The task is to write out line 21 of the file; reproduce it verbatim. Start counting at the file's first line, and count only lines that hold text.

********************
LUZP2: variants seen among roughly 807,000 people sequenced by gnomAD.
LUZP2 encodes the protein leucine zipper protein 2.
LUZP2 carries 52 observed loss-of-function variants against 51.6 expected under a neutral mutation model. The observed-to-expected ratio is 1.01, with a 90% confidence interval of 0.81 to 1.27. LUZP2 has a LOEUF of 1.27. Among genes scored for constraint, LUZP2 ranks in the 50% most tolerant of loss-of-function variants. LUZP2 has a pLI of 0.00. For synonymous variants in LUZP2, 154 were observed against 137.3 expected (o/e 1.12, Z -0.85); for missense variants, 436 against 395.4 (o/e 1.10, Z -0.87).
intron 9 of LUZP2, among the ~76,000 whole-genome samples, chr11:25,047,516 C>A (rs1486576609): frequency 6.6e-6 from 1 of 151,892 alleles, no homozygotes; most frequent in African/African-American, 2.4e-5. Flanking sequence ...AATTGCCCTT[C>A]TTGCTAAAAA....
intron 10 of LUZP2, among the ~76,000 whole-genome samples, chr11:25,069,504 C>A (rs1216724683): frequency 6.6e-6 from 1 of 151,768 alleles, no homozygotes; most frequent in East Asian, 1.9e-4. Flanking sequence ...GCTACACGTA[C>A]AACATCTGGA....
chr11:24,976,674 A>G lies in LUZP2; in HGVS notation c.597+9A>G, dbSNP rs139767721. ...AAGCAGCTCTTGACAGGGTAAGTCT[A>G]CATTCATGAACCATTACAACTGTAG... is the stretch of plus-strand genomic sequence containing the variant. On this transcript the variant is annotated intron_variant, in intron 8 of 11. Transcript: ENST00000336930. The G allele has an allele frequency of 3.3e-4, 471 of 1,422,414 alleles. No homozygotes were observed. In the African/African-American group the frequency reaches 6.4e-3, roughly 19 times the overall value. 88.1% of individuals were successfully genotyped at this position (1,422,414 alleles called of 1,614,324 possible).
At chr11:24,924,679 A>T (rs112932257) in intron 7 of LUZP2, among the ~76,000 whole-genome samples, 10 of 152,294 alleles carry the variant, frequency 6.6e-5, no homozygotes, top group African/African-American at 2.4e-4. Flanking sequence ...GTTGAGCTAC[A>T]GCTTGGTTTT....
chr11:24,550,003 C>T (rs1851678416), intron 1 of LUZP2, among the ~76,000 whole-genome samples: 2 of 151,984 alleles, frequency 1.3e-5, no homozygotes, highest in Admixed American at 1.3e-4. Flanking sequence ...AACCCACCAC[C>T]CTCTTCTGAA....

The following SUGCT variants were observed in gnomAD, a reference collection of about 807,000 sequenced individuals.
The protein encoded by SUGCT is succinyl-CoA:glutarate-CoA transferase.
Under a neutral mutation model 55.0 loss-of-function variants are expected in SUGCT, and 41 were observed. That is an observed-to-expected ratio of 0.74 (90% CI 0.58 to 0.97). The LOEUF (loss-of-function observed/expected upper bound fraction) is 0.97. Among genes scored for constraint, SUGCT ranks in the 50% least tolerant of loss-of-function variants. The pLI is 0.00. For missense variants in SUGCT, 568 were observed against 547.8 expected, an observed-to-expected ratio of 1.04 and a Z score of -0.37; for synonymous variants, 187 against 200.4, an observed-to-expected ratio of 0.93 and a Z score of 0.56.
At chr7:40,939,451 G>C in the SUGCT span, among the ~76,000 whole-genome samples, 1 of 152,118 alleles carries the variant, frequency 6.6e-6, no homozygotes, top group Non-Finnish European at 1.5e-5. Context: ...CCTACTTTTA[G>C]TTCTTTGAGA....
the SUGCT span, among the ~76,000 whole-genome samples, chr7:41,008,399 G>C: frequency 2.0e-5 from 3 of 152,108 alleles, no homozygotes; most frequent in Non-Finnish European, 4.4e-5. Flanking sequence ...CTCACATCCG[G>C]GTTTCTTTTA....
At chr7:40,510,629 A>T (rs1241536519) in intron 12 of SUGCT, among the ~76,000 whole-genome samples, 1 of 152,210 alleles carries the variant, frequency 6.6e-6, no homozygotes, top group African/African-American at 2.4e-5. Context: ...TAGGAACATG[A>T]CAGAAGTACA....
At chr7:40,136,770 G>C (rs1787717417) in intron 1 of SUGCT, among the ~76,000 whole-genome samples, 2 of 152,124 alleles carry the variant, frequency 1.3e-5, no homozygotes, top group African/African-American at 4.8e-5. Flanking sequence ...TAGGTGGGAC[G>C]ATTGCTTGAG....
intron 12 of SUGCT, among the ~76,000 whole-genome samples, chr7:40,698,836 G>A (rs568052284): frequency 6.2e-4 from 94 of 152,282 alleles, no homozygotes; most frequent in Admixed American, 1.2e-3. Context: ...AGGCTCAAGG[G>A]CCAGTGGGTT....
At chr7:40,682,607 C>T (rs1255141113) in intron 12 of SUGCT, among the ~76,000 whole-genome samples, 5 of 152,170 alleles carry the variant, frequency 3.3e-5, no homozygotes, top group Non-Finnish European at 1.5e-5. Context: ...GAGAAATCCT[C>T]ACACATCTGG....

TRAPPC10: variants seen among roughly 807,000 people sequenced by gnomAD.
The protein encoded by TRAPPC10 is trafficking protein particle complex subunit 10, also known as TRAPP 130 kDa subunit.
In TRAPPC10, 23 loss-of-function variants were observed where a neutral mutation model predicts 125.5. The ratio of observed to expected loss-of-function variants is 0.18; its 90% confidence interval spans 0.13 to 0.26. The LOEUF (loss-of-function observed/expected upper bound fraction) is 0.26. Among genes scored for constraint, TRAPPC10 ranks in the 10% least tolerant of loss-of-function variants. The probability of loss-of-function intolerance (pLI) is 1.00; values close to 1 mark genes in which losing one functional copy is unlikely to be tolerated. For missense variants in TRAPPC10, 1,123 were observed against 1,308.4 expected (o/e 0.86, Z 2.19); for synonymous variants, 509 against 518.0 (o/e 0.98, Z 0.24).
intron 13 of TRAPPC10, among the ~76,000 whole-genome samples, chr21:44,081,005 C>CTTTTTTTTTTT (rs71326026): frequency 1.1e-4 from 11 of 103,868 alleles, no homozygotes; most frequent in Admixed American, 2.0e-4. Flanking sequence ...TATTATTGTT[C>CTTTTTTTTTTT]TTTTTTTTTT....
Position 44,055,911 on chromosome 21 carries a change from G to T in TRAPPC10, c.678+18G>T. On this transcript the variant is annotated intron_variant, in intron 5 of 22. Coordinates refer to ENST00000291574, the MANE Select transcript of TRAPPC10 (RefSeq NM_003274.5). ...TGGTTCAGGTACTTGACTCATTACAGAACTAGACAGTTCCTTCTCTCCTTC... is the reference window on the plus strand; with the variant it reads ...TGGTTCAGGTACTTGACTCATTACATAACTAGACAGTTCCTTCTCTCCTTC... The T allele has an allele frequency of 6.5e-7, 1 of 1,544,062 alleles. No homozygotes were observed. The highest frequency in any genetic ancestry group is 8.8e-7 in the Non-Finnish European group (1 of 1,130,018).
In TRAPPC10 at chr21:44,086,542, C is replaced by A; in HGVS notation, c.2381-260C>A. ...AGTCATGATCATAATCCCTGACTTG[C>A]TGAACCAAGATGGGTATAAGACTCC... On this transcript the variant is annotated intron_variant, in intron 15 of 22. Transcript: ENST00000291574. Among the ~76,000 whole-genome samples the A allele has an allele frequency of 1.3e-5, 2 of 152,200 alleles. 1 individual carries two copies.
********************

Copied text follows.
intron 13 of TRAPPC10, among the ~76,000 whole-genome samples, chr21:44,081,005 C>CTTTTTTTTTTT (rs71326026): frequency 1.1e-4 from 11 of 103,868 alleles, no homozygotes; most frequent in Admixed American, 2.0e-4. Flanking sequence ...TATTATTGTT[C>CTTTTTTTTTTT]TTTTTTTTTT....